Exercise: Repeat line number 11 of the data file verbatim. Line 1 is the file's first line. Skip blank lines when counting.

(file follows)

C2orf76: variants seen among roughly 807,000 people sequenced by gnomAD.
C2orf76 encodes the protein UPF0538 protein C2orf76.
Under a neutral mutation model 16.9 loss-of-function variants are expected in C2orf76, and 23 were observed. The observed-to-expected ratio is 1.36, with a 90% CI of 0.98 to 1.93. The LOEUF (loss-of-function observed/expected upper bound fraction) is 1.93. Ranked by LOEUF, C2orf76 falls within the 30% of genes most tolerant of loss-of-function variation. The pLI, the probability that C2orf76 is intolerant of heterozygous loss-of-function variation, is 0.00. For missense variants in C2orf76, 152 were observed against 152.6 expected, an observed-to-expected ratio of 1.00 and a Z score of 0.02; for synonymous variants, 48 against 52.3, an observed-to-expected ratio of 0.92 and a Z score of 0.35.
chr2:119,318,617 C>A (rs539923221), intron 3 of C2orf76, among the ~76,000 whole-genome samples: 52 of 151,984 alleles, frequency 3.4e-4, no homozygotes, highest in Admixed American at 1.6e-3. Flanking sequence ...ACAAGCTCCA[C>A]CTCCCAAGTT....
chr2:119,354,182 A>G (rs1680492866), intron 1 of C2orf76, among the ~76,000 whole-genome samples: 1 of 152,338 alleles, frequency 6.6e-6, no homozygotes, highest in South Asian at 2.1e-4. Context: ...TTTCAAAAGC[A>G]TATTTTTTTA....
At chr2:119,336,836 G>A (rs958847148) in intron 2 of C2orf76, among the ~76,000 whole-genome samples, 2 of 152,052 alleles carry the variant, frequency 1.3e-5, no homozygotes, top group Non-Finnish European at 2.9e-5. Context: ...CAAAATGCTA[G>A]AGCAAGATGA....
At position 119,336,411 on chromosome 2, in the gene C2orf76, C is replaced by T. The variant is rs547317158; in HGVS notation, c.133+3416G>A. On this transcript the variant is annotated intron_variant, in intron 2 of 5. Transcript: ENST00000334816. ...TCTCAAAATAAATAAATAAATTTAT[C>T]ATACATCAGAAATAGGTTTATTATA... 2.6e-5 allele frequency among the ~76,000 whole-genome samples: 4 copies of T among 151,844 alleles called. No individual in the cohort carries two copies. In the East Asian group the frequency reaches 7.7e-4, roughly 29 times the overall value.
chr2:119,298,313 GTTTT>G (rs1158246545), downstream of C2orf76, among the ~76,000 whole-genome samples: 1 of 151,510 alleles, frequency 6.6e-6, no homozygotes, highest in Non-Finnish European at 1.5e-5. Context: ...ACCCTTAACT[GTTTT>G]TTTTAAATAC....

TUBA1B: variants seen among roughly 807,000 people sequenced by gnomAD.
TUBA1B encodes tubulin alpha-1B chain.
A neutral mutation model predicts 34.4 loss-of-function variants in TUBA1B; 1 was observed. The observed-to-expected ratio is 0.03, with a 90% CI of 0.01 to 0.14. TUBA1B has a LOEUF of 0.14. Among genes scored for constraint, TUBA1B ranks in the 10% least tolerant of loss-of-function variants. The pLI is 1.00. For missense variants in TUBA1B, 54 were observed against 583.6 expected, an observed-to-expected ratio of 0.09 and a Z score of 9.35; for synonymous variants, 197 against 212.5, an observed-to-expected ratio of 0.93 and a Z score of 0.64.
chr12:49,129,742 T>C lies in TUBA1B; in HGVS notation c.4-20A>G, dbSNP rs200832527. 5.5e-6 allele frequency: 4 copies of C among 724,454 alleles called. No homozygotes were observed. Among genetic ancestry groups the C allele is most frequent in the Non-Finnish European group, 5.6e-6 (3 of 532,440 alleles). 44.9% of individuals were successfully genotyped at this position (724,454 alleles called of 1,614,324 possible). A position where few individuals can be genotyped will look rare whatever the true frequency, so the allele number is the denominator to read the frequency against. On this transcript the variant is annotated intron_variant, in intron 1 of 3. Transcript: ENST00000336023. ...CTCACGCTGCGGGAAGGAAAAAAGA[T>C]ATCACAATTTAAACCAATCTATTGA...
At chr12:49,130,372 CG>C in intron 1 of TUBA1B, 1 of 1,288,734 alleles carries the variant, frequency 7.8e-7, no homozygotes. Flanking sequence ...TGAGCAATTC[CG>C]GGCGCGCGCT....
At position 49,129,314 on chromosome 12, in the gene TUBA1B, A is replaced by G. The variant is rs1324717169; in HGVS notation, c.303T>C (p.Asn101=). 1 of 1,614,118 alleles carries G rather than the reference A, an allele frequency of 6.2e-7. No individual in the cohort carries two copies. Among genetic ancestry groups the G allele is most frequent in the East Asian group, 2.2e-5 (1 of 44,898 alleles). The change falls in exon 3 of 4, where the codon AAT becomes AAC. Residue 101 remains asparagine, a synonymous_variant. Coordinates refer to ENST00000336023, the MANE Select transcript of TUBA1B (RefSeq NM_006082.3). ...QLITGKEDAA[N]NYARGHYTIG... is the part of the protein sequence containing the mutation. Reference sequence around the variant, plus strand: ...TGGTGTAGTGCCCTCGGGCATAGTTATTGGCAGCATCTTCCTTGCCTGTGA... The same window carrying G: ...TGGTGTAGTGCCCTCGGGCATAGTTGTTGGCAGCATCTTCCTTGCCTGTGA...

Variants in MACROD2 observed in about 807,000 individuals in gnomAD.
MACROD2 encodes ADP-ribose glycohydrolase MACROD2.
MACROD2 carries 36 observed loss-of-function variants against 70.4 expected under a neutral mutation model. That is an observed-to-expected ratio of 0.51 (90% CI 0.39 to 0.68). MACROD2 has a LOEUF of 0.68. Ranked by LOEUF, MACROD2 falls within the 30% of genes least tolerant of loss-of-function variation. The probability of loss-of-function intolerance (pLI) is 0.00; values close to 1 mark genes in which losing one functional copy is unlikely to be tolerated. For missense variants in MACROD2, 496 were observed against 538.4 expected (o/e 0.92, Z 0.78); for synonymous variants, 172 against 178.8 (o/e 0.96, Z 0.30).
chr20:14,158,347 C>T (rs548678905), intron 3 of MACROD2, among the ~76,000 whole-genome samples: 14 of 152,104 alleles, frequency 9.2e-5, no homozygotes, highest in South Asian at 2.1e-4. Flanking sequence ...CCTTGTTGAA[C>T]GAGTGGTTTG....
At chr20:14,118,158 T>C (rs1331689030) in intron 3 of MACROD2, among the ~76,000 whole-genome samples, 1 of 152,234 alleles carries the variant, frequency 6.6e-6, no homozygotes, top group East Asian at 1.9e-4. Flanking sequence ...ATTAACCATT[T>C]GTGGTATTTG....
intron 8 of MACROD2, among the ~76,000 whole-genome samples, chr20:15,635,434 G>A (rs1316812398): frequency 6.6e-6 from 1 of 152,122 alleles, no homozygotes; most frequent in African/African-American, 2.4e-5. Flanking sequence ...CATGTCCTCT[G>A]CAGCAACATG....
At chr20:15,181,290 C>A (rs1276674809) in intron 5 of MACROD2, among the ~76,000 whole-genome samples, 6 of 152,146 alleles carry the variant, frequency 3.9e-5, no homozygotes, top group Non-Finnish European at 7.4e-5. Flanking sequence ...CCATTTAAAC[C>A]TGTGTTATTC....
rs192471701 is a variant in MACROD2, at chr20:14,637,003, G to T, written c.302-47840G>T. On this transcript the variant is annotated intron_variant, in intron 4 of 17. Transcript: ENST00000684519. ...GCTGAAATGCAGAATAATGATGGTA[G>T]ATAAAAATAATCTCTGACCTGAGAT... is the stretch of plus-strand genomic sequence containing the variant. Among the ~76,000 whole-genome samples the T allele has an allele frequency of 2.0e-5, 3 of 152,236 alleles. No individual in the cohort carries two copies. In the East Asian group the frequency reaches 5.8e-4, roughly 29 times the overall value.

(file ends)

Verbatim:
A neutral mutation model predicts 34.4 loss-of-function variants in TUBA1B; 1 was observed. The observed-to-expected ratio is 0.03, with a 90% CI of 0.01 to 0.14. TUBA1B has a LOEUF of 0.14. Among genes scored for constraint, TUBA1B ranks in the 10% least tolerant of loss-of-function variants. The pLI is 1.00. For missense variants in TUBA1B, 54 were observed against 583.6 expected, an observed-to-expected ratio of 0.09 and a Z score of 9.35; for synonymous variants, 197 against 212.5, an observed-to-expected ratio of 0.93 and a Z score of 0.64.